Like Chapman spurning medicine for comedy after his university days, Jones also turned his back on his English literature degree from Oxford — temporarily. Spending his student days steeped to the eyeballs in medieval writings led to a lifelong fascination with Geoffrey Chaucer, author of The Canterbury Tales, written in the 1380s. During the Python days and shortly thereafter, he spent many evenings “moonlighting” at the British Museum on a pet project: his theory that the Knight in Canterbury Tales was not, in fact, the paragon of chivalry and honor that he is generally taken to be. Jones feels that Chaucer was writing with deep irony, and was poking fun at the very idea of a chivalric code being upheld by what were essentially professional thugs. He approached the material not only as a scholar, but as a satirist and comedian, which was a perspective that had never been used before. The resulting book, Chaucer’s Knight: The Portrait of a Medieval Mercenary (1980), was, as Jones puts it, “just explaining a lot of 600-year-old jokes,” but it did cause a bit of a stir among Chaucer experts, most of whom disagreed with it, and put Jones on the map as a true historian and not just a rather silly comic actor. The book itself is now out of print (but easily available used on Amazon), and not the most engaging read.
A much more accessible effort on Jones’ pet topic is Who Murdered Chaucer?. Geoffrey Chaucer, who was not just an author but a noteworthy political figure of his time, vanished from history around 1400. There is no record of what became of him. Jones examines scraps of evidence that ties his disappearance to the deposing of King Richard II in 1399. Rather than dealing with just a few lines of Chaucer’s writing as he did in his first history book, Jones takes a panoramic look at the entire social, economic, and government fabric of England at the turn of the 15th century. With little or no source material to work from, Jones theorizes, extrapolates, and speculates how Chaucer could have met an unfortunate end for political reasons. And he’s always clear that he is merely speculating, and does not try to pass off opinion or theories as historical fact (which he’s been accused of doing in his documentaries, see below.) Lavishly illustrated with art and tapestries from the era, Jones’ book lays out a case, courtroom prosecutor-style, in clear, precise, and witty prose that shows he’s come quite a ways as a historical writer since Chaucer’s Knight, and allows the reader to come to their own verdict. Who Murdered Chaucer? is a must-read for anyone with an interest in medieval history. (That’s most of you, right?)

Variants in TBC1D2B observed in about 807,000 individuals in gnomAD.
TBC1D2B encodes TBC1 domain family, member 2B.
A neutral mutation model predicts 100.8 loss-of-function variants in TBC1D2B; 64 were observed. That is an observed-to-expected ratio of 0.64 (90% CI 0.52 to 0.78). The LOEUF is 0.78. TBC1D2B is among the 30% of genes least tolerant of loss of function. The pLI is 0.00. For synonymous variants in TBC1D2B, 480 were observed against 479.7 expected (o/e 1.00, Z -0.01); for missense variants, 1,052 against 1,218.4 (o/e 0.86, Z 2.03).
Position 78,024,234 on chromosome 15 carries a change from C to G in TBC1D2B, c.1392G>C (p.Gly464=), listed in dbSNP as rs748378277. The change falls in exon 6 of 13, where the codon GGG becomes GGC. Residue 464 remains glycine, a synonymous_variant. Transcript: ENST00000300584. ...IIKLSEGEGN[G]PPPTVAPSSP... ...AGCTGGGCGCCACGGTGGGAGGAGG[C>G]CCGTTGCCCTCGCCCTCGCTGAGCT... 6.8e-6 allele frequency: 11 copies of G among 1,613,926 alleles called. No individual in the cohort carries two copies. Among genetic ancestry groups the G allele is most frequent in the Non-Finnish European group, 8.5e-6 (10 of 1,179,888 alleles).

WORST PROJECT: The Wind In The Willows
Released by Allied Filmmakers, 1996.
By no means a disaster, this was just a well-intentioned misfire. The Kenneth Grahame 1908 classic of children’s literature has been adapted numerous times, mostly via animation (the main characters are talking animals, after all.) There is also a lengthy stage history, from elaborate Broadway musicals to afternoon pantomimes put on in local community halls. Jones, as screenwriter/director, opts for a sort of filmed pantomime approach. (Which has nothing to do with silent “mime.” Pantomimes are an old English tradition — musical stage comedies usually based on well-known stories put on for family audiences.) There are no elaborate animal costumes, Henson-style puppet wizardry, or animation/CG assists. A bit of green greasepaint turns Jones into Mr. Toad. A set of whiskers and a long tail pinned to the seat of his trousers turns Eric Idle into Ratty. That’s it and that’s all. And with that, Jones has lost about 90% of his intended audience. The Wind In The Willows was so old-fashioned and so far out of step with most family movies of the modern era, audiences stayed away in droves. Not helping matters was the fact that the film’s U.S. theatrical distributor, Sony Columbia, got in a pissing match with its home video distributor, Walt Disney Pictures, and deliberately sabotaged its American release, putting it in a mere seven theaters and doing no promotion or marketing. Like most kid movies, the film was destined to do more business on home video anyway, so why help a competing studio? The film died a quiet death. A few good reviews in a handful of newspapers praising it as charming family entertainment were too little and too late. It couldn’t even be said to have bombed, because people notice bombs.
Looking at it now, how does it stand up on its own merits? As a children’s film, it may appeal to an audience of about age 9 or below if they’re accustomed to the pace of Playhouse Disney-type material. Anyone older than that, and the average Pixar-addled attention span would never hold up. And really, Pixar and its ilk have spoiled adult audiences, too, who now expect kids’ films to work on a second, pop-culture savvy level for adults. There’s none of that here. I suppose adults can enjoy the pleasure of a good cast performing gamely, and seeing a partial Python reunion (Jones and Idle have leading roles, Michael Palin cameos as the talking Sun, and John Cleese has the film’s highlight in a small part as Mr. Toad’s lawyer.) The film is well-shot with an autumnal glow, and it has a brief running time, despite being padded out by a number of unmemorable songs.